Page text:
Allan Wall is a blogger and contributor to MexiData.info, a website about US-Mexico issues.
Allan recently wrote an article about a trip to Cuba. We spoke with him about the trip and his reactions to Cuba:
“We found the Cuban people to be very friendly, and we never had any negative experiences with anybody during our week there.
In recent years there has been some opening up of Cuban society. Nevertheless, it is still a communist country with everything that implies. The Castro brothers (Fidel and Raul) have been in power there since Eisenhower was president of the United States. Multiparty elections are not held and dissidents are still repressed.”
There is more:
“In Cuba, signs with Communist propaganda are frequently encountered on streets and highways, extolling the virtues of communism and exhorting Cubans to keep up the communism. Images of the Castro brothers and Che Guevara, the Argentine who helped establish the communist government, are common.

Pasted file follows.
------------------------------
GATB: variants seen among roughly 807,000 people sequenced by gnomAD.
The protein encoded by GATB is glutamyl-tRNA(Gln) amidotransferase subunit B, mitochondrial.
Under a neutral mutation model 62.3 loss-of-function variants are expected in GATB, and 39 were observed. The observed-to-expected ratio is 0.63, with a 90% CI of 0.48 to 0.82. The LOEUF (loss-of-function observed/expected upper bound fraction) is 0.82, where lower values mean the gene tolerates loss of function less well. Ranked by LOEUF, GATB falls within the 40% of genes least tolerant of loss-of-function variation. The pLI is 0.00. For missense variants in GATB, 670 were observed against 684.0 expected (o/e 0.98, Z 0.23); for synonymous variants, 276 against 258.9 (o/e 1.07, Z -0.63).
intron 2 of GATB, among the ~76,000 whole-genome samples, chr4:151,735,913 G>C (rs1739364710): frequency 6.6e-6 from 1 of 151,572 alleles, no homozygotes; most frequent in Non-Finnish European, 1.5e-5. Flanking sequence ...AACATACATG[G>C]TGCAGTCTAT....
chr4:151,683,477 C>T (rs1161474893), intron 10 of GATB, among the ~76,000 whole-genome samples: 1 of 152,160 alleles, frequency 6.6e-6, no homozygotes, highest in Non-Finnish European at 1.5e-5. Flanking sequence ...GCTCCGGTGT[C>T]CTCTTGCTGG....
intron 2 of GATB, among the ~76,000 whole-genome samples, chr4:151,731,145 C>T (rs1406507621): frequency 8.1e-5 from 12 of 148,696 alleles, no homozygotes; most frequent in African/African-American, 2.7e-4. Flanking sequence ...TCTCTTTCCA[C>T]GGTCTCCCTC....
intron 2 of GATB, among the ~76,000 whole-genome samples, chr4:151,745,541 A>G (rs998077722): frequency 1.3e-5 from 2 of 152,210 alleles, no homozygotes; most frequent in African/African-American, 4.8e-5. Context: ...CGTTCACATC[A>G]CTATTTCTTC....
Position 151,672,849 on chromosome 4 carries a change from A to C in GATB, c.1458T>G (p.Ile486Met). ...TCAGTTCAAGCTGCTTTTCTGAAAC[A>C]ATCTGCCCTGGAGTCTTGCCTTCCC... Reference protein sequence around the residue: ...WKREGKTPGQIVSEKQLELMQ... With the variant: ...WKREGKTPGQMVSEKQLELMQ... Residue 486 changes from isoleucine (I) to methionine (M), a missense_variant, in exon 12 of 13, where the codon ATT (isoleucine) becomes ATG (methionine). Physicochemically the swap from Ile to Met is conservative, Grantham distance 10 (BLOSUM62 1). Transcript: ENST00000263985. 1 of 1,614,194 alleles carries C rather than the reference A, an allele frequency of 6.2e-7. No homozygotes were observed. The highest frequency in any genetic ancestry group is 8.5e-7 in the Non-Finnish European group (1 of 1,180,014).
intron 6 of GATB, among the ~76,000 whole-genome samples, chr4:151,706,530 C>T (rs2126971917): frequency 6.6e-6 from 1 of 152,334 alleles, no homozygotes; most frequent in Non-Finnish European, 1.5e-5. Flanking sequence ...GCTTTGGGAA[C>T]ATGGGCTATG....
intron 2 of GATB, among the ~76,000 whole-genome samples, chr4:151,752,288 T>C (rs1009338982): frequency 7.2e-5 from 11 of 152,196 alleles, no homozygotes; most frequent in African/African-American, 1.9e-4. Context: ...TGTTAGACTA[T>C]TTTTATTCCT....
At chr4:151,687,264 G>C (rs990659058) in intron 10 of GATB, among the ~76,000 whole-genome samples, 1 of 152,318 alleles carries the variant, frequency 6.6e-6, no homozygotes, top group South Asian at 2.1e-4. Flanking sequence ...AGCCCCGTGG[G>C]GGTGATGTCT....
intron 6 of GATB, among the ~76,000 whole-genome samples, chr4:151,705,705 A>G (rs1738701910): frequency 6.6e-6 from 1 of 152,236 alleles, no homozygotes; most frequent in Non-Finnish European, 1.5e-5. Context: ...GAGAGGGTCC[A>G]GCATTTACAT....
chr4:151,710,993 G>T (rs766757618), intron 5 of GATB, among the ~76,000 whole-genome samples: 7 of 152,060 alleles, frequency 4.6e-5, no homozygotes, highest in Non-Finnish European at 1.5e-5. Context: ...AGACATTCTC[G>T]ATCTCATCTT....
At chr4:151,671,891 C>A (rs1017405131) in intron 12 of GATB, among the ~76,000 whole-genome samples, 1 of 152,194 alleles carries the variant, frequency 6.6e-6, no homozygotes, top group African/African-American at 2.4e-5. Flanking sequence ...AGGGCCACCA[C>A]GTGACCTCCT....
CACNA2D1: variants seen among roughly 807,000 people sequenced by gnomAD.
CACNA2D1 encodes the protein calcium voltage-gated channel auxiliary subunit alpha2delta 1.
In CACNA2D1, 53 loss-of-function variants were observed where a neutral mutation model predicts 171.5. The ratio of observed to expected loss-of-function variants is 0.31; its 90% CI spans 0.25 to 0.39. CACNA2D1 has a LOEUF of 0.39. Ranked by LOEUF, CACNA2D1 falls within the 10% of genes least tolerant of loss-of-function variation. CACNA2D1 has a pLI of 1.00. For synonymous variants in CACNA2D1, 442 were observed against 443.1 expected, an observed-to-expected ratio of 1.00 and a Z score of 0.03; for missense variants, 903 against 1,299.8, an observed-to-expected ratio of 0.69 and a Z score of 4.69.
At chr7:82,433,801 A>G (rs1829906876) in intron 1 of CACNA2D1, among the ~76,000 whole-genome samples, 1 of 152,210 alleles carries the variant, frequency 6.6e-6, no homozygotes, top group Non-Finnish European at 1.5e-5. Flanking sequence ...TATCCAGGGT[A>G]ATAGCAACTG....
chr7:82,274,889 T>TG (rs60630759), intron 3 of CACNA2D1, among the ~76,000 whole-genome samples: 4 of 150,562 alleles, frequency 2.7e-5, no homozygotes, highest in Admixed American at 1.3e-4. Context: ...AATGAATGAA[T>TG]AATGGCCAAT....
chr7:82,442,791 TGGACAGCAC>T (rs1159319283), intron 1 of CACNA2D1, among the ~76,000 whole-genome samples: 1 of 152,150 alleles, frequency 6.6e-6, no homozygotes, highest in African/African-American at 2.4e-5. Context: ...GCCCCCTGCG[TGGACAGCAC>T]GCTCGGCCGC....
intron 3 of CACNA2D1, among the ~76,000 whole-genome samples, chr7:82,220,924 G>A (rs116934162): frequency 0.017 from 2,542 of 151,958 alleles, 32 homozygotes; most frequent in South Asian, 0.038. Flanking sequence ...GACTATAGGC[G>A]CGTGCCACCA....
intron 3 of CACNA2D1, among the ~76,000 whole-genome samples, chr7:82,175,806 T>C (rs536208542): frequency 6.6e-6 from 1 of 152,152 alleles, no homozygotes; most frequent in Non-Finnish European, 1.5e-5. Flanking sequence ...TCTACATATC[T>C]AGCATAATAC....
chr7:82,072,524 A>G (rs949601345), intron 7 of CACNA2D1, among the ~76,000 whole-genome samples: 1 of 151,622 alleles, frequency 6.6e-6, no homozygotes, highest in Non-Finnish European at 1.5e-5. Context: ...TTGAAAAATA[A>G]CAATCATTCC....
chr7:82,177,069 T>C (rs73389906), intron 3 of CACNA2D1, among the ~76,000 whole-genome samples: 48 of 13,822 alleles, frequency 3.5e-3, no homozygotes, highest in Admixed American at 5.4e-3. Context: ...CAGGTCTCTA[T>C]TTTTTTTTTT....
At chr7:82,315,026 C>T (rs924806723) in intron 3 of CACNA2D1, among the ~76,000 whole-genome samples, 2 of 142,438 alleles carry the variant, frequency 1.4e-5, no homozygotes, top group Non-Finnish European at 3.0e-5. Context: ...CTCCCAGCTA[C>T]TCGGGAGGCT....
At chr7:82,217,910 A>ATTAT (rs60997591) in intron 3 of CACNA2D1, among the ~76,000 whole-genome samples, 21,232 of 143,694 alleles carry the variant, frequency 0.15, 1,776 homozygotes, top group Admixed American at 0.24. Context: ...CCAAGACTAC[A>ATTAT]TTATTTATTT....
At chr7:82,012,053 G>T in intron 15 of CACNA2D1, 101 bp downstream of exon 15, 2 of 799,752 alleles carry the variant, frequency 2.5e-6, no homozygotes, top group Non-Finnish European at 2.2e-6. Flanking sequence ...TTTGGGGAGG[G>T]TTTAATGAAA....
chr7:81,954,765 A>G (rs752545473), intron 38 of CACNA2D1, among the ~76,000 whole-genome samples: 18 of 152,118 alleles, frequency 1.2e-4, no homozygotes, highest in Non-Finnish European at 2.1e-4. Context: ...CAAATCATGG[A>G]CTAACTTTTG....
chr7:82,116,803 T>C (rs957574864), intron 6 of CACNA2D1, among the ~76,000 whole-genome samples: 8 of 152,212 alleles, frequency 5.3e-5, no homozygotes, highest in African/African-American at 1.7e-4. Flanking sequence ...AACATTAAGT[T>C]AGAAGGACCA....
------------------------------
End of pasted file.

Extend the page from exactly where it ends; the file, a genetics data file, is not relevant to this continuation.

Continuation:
The Cuban government has built a cult around Che Guevara, and has constructed a massive monument in Santa Clara where Guevara’s remains are interred.
Many Mexican leftists see Cuba as a model for Mexico, but the Cubans I met were poorer than the Mexicans I know in Mexico. The economic level in Cuba is low and there is an acute shortage of basic consumer goods.
In Mexico, even in poor neighborhoods there are mom and pop stores selling food items. I didn’t see that in Cuba. The homes we visited had a real scarcity of basic goods.
In Havana I saw people who appeared to be homeless. In contrast, we saw the nice houses in which communist officials reside. In the words of George Orwell, some “are more equal than others.”
In Cuba you can see (and ride in) classic American automobiles from the 1950s, which resourceful Cubans have kept running since that decade. It was great seeing all those old cars still in operation. Our last night in Cuba we took a one-hour ride in a ’57 Ford Fairlane convertible (with a Mercedes engine).
After a week in Cuba we flew back to Mexico in a Cubana passenger plane. After disembarking and entering the Mexico City terminal, we felt we were in a free country again.”